DVDs are wasteful. I think there's less plastic in a DVD than there is in a VHS. It’s a consumer product like any consumer product. I think ultimately we're going to bypass a physical medium and go directly to a download model and then it’s just bits moving in the system. And then the only impact to the environment is the power it takes to run the computers, run the devices. I think that we’re not there yet, but we’re moving that direction. Twentieth Century Fox has made a commitment to be carbon neutral by the end of 2010. Because of some of these practices that can’t be changed, the only way to do that is to buy carbon offsets. You know, which again, these are interim solutions. But at least it shows that there’s a consciousness that we have to be dealing with carbon pollution and sustainability.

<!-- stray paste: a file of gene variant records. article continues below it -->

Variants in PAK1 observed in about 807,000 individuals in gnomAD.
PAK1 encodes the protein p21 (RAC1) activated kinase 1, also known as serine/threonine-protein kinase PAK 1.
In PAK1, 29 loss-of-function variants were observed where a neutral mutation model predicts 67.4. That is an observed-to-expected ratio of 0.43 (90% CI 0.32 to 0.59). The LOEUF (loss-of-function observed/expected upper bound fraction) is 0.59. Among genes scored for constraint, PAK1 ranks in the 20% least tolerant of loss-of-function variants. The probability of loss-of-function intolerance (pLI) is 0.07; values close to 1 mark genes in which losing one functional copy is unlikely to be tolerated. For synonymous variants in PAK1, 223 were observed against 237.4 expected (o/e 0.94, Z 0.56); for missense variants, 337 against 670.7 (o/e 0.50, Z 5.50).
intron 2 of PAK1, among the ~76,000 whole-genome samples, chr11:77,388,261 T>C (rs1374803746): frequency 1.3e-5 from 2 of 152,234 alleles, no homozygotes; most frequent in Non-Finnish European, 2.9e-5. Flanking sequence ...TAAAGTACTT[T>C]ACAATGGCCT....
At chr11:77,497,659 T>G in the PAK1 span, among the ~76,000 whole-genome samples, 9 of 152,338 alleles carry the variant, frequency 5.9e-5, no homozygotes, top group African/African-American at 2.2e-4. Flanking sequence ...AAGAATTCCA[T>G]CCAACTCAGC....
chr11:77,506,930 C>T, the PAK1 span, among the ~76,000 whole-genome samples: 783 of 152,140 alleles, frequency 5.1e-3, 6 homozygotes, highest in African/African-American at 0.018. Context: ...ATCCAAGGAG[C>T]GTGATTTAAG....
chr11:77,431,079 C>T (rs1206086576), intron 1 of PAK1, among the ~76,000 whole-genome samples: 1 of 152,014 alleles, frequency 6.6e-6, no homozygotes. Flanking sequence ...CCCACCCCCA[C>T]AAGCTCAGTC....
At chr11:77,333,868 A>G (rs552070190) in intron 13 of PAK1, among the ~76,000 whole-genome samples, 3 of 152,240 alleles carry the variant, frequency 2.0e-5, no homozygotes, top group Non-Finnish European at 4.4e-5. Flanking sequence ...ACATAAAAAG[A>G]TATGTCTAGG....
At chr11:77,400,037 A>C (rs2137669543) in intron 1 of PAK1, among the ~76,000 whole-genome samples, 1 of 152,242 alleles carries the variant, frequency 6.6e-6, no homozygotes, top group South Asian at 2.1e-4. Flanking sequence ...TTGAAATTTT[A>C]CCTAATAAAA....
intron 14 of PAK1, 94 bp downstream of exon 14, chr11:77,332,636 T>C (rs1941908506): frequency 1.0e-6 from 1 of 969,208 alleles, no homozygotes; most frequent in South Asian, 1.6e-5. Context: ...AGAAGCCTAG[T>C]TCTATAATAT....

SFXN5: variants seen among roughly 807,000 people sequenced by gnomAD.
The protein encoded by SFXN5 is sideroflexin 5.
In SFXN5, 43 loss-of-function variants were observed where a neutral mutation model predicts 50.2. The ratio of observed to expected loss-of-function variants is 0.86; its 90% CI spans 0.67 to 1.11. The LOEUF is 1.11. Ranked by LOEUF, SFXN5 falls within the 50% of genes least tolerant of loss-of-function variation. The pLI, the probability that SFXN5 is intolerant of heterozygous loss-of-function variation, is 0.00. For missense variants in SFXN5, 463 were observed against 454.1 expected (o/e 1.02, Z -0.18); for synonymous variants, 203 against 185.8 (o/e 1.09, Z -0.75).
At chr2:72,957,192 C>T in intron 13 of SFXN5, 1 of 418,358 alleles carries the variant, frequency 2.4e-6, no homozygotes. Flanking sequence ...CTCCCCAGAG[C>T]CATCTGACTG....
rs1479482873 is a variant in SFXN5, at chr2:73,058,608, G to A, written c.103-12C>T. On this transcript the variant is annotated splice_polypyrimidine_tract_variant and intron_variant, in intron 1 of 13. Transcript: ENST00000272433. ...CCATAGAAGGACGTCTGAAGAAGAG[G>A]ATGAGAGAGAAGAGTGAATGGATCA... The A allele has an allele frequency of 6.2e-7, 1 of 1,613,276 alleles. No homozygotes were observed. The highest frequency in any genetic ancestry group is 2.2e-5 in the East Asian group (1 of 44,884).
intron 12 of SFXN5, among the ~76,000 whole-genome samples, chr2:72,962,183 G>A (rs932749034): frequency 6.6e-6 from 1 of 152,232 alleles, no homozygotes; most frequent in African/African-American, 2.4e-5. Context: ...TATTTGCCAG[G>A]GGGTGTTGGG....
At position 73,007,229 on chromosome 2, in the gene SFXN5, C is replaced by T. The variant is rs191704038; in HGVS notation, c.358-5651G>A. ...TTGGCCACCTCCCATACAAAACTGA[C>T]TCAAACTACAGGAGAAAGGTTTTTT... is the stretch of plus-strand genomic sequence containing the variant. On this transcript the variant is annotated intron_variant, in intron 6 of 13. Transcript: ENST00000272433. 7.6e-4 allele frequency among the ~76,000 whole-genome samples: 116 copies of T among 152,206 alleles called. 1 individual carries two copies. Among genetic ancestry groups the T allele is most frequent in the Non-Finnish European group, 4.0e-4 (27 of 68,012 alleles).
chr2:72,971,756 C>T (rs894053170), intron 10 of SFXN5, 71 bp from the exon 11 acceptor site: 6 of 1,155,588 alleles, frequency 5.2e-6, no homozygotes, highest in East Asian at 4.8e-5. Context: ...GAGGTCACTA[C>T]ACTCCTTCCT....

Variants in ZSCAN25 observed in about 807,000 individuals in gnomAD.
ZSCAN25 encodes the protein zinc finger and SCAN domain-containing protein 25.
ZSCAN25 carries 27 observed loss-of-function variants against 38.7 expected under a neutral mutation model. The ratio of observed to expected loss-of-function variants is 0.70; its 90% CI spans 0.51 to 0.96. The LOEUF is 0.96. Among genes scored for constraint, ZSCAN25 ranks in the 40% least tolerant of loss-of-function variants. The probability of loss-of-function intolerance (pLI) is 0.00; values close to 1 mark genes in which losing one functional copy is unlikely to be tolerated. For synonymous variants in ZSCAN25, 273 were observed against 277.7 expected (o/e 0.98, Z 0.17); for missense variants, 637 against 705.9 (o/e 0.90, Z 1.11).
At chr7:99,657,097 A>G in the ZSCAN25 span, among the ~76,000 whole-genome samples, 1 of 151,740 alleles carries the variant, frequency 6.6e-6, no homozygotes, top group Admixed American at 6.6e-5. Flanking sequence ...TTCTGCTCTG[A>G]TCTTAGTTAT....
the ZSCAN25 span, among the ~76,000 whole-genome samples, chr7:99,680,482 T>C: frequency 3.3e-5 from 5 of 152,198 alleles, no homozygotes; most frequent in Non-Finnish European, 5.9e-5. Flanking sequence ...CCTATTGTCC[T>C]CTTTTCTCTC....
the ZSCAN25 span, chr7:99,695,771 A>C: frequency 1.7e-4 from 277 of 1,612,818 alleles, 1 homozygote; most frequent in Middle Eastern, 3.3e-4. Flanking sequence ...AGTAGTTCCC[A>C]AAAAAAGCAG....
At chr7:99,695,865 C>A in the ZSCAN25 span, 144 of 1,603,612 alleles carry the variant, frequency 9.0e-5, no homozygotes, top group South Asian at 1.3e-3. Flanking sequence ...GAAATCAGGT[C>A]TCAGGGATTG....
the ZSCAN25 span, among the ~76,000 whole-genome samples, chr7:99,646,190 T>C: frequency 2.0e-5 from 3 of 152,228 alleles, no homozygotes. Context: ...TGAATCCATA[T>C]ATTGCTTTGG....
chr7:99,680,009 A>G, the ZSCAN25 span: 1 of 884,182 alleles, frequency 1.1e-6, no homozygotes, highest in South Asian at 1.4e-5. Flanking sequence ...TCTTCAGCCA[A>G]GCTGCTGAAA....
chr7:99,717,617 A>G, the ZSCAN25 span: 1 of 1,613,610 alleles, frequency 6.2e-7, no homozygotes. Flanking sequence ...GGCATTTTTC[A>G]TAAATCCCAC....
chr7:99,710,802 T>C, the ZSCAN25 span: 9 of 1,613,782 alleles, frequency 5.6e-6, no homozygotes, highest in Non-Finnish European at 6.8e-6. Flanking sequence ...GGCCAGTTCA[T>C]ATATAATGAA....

Given Fox's recent "special edition" re–release of Avatar and the no–extras release of the film on home video (three different packages already on the market), any talk of being "carbon neutral" isn't exactly translating into a News Corporation–run studio "walking the talk."
Especially when ClearBits™, VODO, and the Internet Archive, among others, already lead by example.
Oh, yes: Mr. Cameron's output (a considerable glut of monetary excess and with a gigantic "footprint" of its own) is overrated. Including Avatar — itself a gigantic waste that didn't deserve to be bankrolled, dazzling visuals aside.